When Prime Minister John Key lands in Mexico tomorrow it will have been more than a decade since the last New Zealand prime minister toured Latin America, and he concedes the region has been neglected in favour of Asian economies.
Helen Clark toured in 2002 but the only visits since have been for Apec meetings. Mr Key has instead focused his overseas energies on China, other Asian countries, and Europe - which included trying to give momentum to trade talks with countries such as India and Russia.
"Latin America presents great opportunities over time for New Zealand but they are not as immediate as the prospects in Asia and other parts of the world. So we've had to prioritise, especially with the Asian strategy.
"I think in the short term that has been the right move for New Zealand. But this is part of laying the foundations for parts of the world which are clearly going to be more dominant over time."
He said the Gulf states fell into the same category.
"Helen Clark identified in the early 2000s that it is an area in which we could do more business, and I think given the size of countries like Brazil and Mexico and Colombia, over time there is a lot of business for New Zealand there."
The Government produced its Latin America Strategy in 2010 aimed at strengthening ties with the region - but a Trade and Enterprise report on progress a year later observed that there was a need for a greater focus on building political links, especially at a head of state level and with a particular focus on Brazil.
There are hopes that the Prime Minister's visit will be a "game changer", particularly in Brazil - considered the least outward-looking of the four nations in question. It is the region New Zealand has to work hardest in as it does the ground work on a trade agreement with the Mercosur Latin American nations not involved in the TPP, led by Brazil.
Other issues that will take up most of Mr Key's time include:
While New Zealand's ties with Chile and Mexico go back decades, links with Colombia are more recent. Mr Key will be the first New Zealand leader to visit Colombia, where he will meet President Juan Manuel Santos.
"Colombia is quite a big country and it's growing very rapidly, It's had very solid growth year-on-year. So it's likely to emerge as quite a significant player over time in Latin America. That's one of the reasons we are going there. They are quite like-minded on matters like trade and the like. So we are hopeful we can make [progress]."
Trans Pacific Partnership
Mexico and Chile are both among the 11 countries in negotiations for the TPP - Chile's President Sebastian Pinera is closely aligned with Mr Key on the talks but a change in leader can mean a change in the country's stance on it - and Mexican President Peno Nieto was only elected last December. Mr Key will be the first foreign leader to hold a bilateral with Mr Nieto and sound out where he stands.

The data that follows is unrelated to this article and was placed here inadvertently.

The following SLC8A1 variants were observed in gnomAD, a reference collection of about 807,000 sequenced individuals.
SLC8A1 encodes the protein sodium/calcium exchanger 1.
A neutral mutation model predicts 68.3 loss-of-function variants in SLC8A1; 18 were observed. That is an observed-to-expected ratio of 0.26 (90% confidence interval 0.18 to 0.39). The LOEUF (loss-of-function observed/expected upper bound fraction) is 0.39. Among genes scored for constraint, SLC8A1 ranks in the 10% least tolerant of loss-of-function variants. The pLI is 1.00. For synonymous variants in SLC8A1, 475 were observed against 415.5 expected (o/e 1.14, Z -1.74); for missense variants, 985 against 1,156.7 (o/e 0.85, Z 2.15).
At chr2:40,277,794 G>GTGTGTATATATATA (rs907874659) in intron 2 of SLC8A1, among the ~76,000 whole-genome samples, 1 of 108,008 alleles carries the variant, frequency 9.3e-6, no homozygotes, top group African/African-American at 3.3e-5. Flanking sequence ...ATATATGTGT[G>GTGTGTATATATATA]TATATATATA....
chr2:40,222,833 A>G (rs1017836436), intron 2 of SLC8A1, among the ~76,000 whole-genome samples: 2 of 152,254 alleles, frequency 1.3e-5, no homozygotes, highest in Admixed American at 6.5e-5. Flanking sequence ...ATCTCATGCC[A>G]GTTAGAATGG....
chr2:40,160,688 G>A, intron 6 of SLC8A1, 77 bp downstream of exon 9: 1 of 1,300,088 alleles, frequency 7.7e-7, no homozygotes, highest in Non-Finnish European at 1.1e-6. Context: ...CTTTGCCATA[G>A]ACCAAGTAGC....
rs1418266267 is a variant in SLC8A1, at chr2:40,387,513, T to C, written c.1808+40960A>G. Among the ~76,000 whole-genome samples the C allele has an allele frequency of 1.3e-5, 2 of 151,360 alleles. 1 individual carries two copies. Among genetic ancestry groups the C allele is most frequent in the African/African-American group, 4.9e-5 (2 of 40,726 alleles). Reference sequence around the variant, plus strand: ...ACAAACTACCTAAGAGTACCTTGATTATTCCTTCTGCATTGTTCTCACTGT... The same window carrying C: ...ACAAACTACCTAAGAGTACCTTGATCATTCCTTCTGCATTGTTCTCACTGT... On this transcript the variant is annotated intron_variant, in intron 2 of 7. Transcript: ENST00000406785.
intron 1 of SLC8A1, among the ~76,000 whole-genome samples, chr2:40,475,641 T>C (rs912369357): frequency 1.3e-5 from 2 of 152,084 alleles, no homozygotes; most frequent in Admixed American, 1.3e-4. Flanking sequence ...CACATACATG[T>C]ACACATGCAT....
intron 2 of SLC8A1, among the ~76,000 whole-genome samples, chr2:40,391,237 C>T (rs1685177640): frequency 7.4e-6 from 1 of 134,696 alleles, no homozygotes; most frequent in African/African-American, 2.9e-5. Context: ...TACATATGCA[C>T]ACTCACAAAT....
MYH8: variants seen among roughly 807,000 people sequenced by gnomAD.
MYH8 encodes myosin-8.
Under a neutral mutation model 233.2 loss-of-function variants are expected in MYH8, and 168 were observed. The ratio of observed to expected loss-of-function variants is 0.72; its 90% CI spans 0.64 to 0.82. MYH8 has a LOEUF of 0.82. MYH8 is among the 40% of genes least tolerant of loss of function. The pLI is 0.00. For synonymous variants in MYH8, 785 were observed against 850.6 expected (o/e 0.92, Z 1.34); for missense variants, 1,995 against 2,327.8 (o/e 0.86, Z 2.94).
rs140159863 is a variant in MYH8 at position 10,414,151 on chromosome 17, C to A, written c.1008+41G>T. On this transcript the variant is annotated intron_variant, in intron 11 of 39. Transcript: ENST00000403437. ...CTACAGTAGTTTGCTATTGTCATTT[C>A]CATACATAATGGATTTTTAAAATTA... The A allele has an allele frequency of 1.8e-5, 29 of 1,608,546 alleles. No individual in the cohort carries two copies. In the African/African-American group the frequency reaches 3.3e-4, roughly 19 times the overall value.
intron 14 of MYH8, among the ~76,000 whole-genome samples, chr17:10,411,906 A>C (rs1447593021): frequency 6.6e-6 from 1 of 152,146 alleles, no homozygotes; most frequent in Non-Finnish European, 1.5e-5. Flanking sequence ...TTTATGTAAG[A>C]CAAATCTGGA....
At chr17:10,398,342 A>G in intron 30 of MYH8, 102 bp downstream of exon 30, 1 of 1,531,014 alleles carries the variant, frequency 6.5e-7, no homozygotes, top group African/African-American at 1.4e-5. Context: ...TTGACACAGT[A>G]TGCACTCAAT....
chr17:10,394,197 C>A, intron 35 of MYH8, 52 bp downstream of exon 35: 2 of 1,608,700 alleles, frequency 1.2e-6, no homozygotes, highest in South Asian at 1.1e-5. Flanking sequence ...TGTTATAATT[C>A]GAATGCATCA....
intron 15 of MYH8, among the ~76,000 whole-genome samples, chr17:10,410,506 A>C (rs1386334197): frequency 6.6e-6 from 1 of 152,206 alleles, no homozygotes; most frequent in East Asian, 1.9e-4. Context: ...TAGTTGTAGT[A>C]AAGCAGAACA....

Security Council seat 2015/16
Mr Key will use the visit to lobby for the four countries' votes for New Zealand to secure a seat on the Security Council in 2015/16. Turkey and Spain are contesting the same seat - and the elections for it will be held next year. Although it is convention for countries not to publicly reveal who they will support, Mr Key said three of the four countries he would visit had already indicated they would support New Zealand - and he would be trying to shore that up. "You never know until they vote."
He said Latin America was an important voting bloc. Brazil has been pushing since at least 2009 to secure a permanent seat on the Security Council, arguing its size and economic heft justifies it. New Zealand has pushed for reform of the Security Council, including limits on the veto rights held by permanent members.
It's business time
Mr Key will have a delegation of about 22 business people with him, looking for trade opportunities. Although they include the "big players" such as Zespri and Fonterra, which has a farm in Chile, Mr Key will visit, the majority are niche agri-technology companies.
He said that was because the countries concerned were big producers of beef and lamb themselves so did not provide the same opportunities as countries such as China.
The biggest value was in agricultural services, technology, international education, air services and technology companies.
Those smaller business delegates range from the makers of a machine to sort out soft-skinned fruit such as blueberries by colour, to a satellite and communications systems developer which services the US Army and the Colombian Army.
Chile, Brazil and Colombia are the biggest Latin American markets for international students coming to New Zealand - especially at a secondary school level, when many students travel to an English-speaking country. Education NZ will be on the trip, as well as the Manukau Institute of Technology, trying to increase the numbers of tertiary students.